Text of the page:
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CRITICAL PERSPECTIVE In “Latter, Day Notes on E. E. Cummings' Language” (1955), Robert E. Maurer suggests that Cummings often coined new words in the same way that children do: for example, “by adding the normal, er or, est (beautifier, chief et), or stepping up the power of a word such as last, which is already superlative, and saying lastest,” creating words such as givingest and whirlingest. In addition to “combining two or more words to form a single new one … to give an effect of wholeness, of one quality” (for example, yellowgreen), “in the simplest of his word coinages, he merely creates a new word by analogy as a child would without adding any shade of meaning other than that inherent in the prefix or suffix, he utilizes, as in the words unstrength and untimid. … ” Many early reviewers, Maurer notes, criticized such coinages because they “convey a thrill but not a precise impression,” a criticism also leveled at Cummings's poetry more broadly. Consider the coinages in “in Just.”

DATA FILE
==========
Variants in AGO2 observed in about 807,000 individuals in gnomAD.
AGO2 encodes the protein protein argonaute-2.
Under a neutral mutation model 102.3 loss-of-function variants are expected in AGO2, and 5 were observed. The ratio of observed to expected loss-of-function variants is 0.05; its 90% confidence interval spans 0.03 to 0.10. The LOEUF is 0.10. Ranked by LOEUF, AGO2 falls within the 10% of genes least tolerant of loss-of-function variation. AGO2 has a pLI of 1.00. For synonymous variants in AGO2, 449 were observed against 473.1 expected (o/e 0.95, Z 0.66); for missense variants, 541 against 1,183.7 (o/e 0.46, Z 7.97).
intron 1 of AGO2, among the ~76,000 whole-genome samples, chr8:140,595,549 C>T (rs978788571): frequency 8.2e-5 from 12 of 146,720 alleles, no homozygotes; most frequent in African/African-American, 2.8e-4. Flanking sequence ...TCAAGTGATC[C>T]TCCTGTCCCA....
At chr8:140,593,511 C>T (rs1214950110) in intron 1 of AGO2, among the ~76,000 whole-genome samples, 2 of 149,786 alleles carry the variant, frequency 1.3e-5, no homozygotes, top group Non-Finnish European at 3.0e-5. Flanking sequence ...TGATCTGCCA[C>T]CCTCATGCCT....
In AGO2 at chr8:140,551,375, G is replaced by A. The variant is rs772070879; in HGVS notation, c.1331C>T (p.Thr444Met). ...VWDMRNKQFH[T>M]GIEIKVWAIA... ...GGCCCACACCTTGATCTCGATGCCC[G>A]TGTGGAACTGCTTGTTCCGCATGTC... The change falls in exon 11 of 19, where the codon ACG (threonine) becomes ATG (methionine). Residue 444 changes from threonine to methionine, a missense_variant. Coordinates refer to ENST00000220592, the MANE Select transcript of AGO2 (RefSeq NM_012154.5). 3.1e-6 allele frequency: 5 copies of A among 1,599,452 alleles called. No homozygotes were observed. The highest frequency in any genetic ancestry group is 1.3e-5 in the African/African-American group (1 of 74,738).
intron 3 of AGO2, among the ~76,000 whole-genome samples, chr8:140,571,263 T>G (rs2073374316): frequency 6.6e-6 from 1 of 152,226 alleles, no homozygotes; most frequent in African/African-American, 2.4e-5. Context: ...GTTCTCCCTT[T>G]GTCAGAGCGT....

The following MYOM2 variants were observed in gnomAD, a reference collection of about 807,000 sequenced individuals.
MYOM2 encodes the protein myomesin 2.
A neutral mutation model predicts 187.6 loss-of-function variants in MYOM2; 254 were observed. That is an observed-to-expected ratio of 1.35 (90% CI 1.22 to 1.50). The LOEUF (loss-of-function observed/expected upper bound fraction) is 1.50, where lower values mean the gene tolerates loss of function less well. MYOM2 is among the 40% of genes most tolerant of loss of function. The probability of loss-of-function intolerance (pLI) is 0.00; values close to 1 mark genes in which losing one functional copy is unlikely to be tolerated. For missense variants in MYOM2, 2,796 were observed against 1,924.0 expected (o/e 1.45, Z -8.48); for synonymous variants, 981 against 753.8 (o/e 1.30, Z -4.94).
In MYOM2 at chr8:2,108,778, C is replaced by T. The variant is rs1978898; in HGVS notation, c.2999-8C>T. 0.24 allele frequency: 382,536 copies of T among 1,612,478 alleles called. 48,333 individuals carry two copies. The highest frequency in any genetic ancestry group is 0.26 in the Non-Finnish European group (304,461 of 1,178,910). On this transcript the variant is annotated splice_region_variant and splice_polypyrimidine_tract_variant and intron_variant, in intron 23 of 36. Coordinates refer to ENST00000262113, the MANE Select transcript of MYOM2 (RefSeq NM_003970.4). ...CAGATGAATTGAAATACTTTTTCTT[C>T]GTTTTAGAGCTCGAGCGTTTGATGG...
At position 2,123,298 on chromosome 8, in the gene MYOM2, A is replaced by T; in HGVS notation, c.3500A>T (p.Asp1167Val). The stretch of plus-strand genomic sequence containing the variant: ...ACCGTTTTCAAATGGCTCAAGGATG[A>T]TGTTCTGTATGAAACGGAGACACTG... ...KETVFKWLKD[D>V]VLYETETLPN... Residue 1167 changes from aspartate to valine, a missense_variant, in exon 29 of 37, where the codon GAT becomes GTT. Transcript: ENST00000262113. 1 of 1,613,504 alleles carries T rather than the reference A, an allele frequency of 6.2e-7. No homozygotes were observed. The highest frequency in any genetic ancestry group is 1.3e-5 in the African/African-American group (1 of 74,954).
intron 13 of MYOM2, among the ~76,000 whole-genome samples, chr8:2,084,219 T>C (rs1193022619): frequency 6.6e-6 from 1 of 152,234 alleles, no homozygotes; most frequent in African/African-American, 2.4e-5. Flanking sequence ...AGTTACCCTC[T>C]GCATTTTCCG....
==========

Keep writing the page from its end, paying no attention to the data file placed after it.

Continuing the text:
Do you agree that many do not add “shades of meaning” or provide a “precise impression”? Or do you find that the coinages contribute to the poem in a meaningful way?

 
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